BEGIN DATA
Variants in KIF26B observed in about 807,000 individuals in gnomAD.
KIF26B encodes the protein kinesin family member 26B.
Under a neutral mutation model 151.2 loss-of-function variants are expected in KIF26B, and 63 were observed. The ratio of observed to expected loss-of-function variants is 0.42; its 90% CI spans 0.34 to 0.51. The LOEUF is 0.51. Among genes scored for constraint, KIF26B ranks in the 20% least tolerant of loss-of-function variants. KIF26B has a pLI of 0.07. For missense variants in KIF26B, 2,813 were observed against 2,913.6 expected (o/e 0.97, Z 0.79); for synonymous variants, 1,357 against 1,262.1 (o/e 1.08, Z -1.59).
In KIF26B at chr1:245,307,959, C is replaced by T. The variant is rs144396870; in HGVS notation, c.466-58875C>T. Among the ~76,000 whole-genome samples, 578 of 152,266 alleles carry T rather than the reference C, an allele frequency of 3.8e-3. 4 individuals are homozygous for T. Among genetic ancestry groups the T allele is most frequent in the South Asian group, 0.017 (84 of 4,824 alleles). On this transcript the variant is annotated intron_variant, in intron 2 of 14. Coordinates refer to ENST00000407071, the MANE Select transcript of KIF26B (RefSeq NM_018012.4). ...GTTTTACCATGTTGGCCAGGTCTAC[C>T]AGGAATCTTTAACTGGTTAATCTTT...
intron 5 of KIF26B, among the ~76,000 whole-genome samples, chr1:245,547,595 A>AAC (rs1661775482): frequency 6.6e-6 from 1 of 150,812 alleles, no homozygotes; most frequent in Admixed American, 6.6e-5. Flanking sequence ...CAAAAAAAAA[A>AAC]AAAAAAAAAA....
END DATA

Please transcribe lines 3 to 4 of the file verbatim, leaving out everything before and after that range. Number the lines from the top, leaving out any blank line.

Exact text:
Under a neutral mutation model 151.2 loss-of-function variants are expected in KIF26B, and 63 were observed. The ratio of observed to expected loss-of-function variants is 0.42; its 90% CI spans 0.34 to 0.51. The LOEUF is 0.51. Among genes scored for constraint, KIF26B ranks in the 20% least tolerant of loss-of-function variants. KIF26B has a pLI of 0.07. For missense variants in KIF26B, 2,813 were observed against 2,913.6 expected (o/e 0.97, Z 0.79); for synonymous variants, 1,357 against 1,262.1 (o/e 1.08, Z -1.59).
In KIF26B at chr1:245,307,959, C is replaced by T. The variant is rs144396870; in HGVS notation, c.466-58875C>T. Among the ~76,000 whole-genome samples, 578 of 152,266 alleles carry T rather than the reference C, an allele frequency of 3.8e-3. 4 individuals are homozygous for T. Among genetic ancestry groups the T allele is most frequent in the South Asian group, 0.017 (84 of 4,824 alleles). On this transcript the variant is annotated intron_variant, in intron 2 of 14. Coordinates refer to ENST00000407071, the MANE Select transcript of KIF26B (RefSeq NM_018012.4). ...GTTTTACCATGTTGGCCAGGTCTAC[C>T]AGGAATCTTTAACTGGTTAATCTTT...